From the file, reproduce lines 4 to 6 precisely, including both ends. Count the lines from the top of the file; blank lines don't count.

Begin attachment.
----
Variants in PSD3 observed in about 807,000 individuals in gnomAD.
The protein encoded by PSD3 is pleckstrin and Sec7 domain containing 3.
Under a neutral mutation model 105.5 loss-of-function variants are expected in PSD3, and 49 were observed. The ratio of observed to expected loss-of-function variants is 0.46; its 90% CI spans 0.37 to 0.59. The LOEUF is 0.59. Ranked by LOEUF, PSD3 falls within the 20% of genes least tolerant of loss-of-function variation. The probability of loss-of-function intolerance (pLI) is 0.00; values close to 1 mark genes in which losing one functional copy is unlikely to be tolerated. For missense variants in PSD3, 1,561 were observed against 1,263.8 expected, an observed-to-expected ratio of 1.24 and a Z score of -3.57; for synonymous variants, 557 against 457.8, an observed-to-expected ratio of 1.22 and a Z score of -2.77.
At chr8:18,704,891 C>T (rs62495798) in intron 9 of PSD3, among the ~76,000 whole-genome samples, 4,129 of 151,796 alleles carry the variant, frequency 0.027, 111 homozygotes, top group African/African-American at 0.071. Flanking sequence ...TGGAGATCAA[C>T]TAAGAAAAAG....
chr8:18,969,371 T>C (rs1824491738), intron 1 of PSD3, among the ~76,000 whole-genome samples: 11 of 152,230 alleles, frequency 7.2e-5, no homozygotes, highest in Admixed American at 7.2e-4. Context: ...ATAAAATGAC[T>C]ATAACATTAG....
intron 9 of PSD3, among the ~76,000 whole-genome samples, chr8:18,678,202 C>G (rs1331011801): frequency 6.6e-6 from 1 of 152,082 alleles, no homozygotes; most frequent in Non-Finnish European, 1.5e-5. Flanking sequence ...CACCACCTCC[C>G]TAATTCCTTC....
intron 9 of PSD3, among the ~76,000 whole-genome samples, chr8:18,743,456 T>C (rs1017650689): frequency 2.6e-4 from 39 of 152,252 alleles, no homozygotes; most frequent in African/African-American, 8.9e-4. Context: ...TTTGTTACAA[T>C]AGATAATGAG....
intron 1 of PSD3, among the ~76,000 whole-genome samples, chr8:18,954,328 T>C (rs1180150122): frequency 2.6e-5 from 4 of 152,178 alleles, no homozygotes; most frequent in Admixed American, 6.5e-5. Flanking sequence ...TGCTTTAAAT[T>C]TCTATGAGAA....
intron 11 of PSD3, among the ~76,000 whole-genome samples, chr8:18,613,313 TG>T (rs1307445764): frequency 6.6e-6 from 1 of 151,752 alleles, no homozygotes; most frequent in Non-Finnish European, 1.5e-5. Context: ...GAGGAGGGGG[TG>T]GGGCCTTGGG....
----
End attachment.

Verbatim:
At chr8:18,704,891 C>T (rs62495798) in intron 9 of PSD3, among the ~76,000 whole-genome samples, 4,129 of 151,796 alleles carry the variant, frequency 0.027, 111 homozygotes, top group African/African-American at 0.071. Flanking sequence ...TGGAGATCAA[C>T]TAAGAAAAAG....
chr8:18,969,371 T>C (rs1824491738), intron 1 of PSD3, among the ~76,000 whole-genome samples: 11 of 152,230 alleles, frequency 7.2e-5, no homozygotes, highest in Admixed American at 7.2e-4. Context: ...ATAAAATGAC[T>C]ATAACATTAG....
intron 9 of PSD3, among the ~76,000 whole-genome samples, chr8:18,678,202 C>G (rs1331011801): frequency 6.6e-6 from 1 of 152,082 alleles, no homozygotes; most frequent in Non-Finnish European, 1.5e-5. Flanking sequence ...CACCACCTCC[C>G]TAATTCCTTC....